Dexter: New Blood is the recent Showtime revival of the beloved serial killer Dexter Morgan, played by Michael C. Hall, and Gizel Jimenez is along for the wicked ride.
The former forensics expert who spent his nights as a vigilante, finds himself retired 10 years later in a small town called Iron Lake in upstate New York. Dexter now goes by the name of Jim Lindsay living peacefully among the small town people of Iron Lake.
In this new limited series, Gizel plays the role of Tess; a High School science teacher by day and a part-time bartender by night who’s completely unaware of the “dark passenger” Jim carries with him.
PopAxiom spoke with Gizel Jimenez about her actor’s journey from training, to stage performance, to the screen and how it all lead her to Dexter: New Blood.
Born in Miami, raised in New York, Gizel is the daughter of Cuban immigrants. Her mother Nancy is from the Capital of Cuba, Havana, and her father Pedro is from the city of Santa Clara. She grew up in an “old school” household where rules and discipline kept her in her shell. “I was extremely shy as a kid. Any attention from people gave me crippling anxiety. I loved school” she continues, “Learning came easy to me. I felt safe in this world of books, pencils and paper.” Safe, that is, until the day her elementary school teacher had all of the students audition for the school play.
“There was no way I was auditioning,” Gizel remembers thinking. “What if I ask to be the assistant to the teacher instead?” she thought. To her relief, the teacher said yes. “It felt like my first job,” she says, “being the teacher’s right hand. It continued my sense of purpose while I remained behind the scenes and out of the spotlight. I went above and beyond learning the entire show on my own just in case someone needed help with a line, a lyric, or where to stand on stage. Little did I know that extra work would end up changing my life for good.”
Didn’t Even Know
“Days before our opening night, our soloist who plays Belle in the opening number of Beauty and the Beast called out sick. We were scheduled to run through the opening number that day and our director insisted on running it without her. She asked me to stand in for her. No pressure.”
Gizel went on stage, closed her eyes and began to sing. “I heard my voice out loud for the first time that day. The melody vibrated through my body and calmed my anxiety and turned it into a healing blanket of comfort.” It was during that moment that Gizel discovered the freedom that came with being someone else. Following that performance, everyone around her looked shocked and confused. “Our director came up to me and asked: “Why didn’t you tell us you could sing?”; “My response was simple. I didn’t even know I could.”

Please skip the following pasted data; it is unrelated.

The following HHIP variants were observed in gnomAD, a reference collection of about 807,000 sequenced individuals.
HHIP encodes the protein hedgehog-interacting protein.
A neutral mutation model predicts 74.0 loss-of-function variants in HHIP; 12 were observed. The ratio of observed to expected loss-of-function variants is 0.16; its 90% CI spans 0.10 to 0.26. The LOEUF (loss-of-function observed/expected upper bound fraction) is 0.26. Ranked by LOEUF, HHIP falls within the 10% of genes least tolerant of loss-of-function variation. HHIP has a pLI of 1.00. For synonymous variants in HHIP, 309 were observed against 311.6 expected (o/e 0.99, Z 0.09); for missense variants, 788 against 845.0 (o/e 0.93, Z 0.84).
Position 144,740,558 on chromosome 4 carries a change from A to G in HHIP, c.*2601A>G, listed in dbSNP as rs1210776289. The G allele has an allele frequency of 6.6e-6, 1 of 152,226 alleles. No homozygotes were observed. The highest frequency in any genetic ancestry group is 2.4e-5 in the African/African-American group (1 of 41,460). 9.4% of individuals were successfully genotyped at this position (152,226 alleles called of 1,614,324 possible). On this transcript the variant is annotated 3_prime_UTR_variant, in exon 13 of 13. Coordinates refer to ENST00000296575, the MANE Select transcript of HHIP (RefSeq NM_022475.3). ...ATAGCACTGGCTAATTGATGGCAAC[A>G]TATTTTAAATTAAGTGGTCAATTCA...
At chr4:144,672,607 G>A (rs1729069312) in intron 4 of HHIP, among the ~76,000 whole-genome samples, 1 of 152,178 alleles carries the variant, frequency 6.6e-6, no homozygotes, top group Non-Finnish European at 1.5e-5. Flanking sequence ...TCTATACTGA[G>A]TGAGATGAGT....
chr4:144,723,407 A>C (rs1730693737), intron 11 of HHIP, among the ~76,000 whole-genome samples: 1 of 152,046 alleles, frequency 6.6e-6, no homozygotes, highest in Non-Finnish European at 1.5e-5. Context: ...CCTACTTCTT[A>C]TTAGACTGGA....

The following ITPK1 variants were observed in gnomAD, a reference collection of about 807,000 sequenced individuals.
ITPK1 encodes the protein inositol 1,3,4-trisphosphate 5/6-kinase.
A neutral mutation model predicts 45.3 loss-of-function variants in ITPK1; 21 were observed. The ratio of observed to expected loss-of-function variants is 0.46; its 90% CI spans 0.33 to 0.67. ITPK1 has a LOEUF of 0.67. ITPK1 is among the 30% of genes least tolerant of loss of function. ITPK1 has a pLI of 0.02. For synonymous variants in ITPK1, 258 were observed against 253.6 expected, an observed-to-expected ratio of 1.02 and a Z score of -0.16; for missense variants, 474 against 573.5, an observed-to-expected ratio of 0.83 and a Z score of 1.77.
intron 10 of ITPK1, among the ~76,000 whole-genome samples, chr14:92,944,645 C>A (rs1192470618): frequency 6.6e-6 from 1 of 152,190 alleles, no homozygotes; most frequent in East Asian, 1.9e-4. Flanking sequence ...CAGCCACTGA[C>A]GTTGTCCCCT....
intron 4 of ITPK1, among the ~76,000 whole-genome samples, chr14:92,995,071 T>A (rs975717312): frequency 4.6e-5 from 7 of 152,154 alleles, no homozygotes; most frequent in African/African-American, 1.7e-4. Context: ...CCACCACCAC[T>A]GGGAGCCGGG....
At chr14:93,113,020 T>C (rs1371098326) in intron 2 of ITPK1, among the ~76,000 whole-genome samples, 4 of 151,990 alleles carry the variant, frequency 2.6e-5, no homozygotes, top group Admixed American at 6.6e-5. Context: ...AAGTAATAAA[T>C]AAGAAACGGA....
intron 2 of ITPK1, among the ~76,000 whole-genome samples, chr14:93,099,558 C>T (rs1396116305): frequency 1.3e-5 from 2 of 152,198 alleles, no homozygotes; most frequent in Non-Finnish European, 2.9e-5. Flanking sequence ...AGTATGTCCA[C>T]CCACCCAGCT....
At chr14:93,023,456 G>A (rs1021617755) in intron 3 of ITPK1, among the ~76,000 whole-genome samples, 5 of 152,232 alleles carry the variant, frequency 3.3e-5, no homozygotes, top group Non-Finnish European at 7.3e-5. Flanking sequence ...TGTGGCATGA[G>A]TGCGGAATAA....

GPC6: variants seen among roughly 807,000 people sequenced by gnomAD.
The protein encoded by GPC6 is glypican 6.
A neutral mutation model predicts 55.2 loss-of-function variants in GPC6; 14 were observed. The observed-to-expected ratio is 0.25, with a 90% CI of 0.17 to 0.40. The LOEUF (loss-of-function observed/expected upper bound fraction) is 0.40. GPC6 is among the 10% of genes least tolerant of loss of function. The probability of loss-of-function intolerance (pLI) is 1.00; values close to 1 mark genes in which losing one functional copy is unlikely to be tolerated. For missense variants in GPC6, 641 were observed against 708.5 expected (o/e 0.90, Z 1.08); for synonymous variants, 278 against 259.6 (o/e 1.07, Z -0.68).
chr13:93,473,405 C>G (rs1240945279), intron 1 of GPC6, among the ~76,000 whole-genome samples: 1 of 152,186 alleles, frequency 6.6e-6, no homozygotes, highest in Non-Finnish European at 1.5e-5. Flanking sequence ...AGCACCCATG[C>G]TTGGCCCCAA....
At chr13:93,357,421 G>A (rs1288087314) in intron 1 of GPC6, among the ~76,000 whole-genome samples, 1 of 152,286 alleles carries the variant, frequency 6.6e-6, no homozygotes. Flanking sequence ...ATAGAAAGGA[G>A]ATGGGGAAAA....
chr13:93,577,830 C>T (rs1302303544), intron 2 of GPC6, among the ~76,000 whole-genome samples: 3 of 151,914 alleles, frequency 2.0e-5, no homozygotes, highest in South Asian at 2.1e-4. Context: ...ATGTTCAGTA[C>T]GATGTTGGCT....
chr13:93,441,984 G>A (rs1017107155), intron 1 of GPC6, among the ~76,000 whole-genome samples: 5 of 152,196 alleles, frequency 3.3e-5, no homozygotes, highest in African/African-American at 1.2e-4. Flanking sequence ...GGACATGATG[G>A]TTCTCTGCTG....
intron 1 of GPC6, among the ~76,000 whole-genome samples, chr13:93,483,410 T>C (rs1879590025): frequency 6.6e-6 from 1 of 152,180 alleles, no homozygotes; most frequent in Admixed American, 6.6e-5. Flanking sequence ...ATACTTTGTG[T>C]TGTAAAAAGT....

At the age of thirteen, tragedy struck when Gizel’s mother passed away. She then moved to Florida to live with her dad. “My father enrolled me in a Magnet Middle school where I joined the chorus program. I loved it! Choral music was the first genre I studied. It has nothing to do with your individual sound and all to do with blending. As a result, the journey to discovering my voice as a soloist was put on pause.”
Fast forward to Gizel’s sophomore year at Coral Reef High School. “I continued my interest in Chorus and began to compete in classical vocal competitions. Sadly enough, I would get terrible scores. When I asked my Choral director why, he explained that I fail to give proper posture in the room. “The judges aren’t interested in the performance of the song. All they care about is vocal technique and posture.” My response came in the form of a simple question: How do they expect me to stand still with excellent posture while I’m singing about my dead baby?
Gizel’s “common sense,” as she calls it was just her instinct to express the story further. Her teacher suggested, musical theatre. “You’re very expressive Gizel. I think you should try auditioning for Miami Children’s Theater at the Jewish Community Center.”
Southeast Side Story
“At the time, the JCC was holding auditions for West Side Story. I figured I’d give it a shot and as a result, I was cast as Anita. I hadn’t even learned acting yet,” she laughs. “But subconsciously I was just a kid pretending. It made sense in my head.”